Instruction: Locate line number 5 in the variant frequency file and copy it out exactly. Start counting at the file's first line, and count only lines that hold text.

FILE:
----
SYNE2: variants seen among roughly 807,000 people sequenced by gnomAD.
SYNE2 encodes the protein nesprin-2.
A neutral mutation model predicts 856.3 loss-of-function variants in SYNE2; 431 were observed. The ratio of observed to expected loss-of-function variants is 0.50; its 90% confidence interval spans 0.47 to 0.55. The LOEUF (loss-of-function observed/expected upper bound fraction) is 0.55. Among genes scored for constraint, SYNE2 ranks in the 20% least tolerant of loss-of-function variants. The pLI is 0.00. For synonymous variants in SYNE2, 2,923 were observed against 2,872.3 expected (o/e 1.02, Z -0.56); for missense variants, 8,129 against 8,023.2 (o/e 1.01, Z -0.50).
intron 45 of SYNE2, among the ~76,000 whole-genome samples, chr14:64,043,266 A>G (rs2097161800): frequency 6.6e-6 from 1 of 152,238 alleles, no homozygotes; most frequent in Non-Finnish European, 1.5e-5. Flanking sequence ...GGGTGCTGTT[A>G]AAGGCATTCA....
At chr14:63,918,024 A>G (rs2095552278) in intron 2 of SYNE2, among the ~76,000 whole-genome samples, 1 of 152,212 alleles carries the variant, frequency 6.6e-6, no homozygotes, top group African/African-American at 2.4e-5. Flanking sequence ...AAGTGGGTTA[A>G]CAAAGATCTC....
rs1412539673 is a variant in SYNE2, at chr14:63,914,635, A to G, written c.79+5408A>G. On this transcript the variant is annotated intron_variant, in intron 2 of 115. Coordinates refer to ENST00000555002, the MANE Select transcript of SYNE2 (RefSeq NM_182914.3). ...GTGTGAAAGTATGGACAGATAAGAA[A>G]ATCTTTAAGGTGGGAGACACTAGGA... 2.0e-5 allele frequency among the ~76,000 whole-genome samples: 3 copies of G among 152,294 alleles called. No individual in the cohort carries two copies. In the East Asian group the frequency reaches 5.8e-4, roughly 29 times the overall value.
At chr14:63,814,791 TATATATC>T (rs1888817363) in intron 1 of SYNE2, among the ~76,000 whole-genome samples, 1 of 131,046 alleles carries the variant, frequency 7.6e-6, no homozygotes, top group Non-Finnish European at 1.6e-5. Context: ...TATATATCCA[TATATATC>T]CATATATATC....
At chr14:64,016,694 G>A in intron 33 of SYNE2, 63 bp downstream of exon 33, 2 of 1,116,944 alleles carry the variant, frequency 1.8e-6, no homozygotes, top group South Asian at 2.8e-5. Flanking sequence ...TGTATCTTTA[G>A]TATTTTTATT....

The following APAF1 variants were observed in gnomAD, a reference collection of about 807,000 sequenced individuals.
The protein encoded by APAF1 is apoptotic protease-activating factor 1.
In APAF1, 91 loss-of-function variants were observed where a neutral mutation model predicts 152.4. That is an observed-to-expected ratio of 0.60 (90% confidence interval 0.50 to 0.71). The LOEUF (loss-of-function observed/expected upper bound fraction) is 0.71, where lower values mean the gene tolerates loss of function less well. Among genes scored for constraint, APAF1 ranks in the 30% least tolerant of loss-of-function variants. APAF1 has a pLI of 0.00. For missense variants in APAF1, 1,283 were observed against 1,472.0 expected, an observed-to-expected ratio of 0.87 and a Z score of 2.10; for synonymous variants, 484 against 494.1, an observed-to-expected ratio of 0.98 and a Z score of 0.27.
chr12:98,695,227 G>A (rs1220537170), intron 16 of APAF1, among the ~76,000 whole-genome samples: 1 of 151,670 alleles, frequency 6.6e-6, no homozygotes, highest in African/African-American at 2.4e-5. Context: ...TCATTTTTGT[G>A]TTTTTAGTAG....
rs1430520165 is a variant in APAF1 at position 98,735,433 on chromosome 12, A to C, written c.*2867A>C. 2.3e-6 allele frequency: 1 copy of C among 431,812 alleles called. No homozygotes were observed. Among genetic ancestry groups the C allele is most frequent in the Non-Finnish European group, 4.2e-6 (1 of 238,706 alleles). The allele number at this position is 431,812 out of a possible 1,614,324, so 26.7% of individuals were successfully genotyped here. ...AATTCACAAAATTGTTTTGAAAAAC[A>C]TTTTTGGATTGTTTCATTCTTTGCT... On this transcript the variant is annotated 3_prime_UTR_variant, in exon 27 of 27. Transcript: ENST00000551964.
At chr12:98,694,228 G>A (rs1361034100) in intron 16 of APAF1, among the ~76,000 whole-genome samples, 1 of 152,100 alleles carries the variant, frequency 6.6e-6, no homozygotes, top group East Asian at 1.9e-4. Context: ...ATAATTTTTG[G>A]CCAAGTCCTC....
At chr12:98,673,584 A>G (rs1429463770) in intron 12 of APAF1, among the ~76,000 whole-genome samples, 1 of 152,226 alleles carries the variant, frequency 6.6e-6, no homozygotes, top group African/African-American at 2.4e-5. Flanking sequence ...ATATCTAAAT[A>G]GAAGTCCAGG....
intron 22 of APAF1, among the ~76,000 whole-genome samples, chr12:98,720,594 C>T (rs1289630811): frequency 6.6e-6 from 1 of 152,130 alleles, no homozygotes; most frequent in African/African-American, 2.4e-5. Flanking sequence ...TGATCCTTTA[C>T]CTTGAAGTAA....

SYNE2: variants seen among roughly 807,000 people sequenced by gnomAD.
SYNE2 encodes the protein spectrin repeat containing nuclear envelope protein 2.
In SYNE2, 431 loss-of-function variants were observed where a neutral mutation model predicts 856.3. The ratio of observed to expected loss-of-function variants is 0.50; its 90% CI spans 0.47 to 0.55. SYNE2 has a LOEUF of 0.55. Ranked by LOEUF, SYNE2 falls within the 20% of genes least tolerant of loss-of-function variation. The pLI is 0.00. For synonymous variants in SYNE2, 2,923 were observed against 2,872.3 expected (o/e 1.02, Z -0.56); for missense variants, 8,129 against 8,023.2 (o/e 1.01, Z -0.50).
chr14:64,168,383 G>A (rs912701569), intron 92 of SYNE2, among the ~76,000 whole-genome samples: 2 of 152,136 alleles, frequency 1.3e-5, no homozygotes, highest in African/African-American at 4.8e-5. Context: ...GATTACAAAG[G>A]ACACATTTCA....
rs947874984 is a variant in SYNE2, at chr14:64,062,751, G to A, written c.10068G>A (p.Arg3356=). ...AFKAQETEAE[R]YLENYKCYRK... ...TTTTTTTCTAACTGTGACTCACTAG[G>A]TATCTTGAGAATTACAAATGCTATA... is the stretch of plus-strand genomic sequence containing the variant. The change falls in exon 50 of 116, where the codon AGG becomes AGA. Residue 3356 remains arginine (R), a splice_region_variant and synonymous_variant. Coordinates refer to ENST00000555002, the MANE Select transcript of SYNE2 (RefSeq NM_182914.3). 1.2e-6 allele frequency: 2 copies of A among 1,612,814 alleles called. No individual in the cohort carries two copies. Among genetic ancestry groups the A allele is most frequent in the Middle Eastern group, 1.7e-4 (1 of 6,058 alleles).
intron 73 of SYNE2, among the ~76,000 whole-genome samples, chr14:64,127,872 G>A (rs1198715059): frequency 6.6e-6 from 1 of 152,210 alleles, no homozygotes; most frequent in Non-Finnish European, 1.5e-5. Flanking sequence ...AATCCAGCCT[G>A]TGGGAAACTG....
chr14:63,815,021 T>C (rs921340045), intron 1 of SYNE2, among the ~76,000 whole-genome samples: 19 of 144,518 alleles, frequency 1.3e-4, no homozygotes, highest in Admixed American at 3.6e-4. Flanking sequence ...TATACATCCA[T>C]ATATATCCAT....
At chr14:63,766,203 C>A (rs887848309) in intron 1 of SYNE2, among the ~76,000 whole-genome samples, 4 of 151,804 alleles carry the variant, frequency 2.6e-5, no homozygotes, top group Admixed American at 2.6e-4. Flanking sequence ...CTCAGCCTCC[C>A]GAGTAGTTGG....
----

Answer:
At chr14:63,918,024 A>G (rs2095552278) in intron 2 of SYNE2, among the ~76,000 whole-genome samples, 1 of 152,212 alleles carries the variant, frequency 6.6e-6, no homozygotes, top group African/African-American at 2.4e-5. Flanking sequence ...AAGTGGGTTA[A>G]CAAAGATCTC....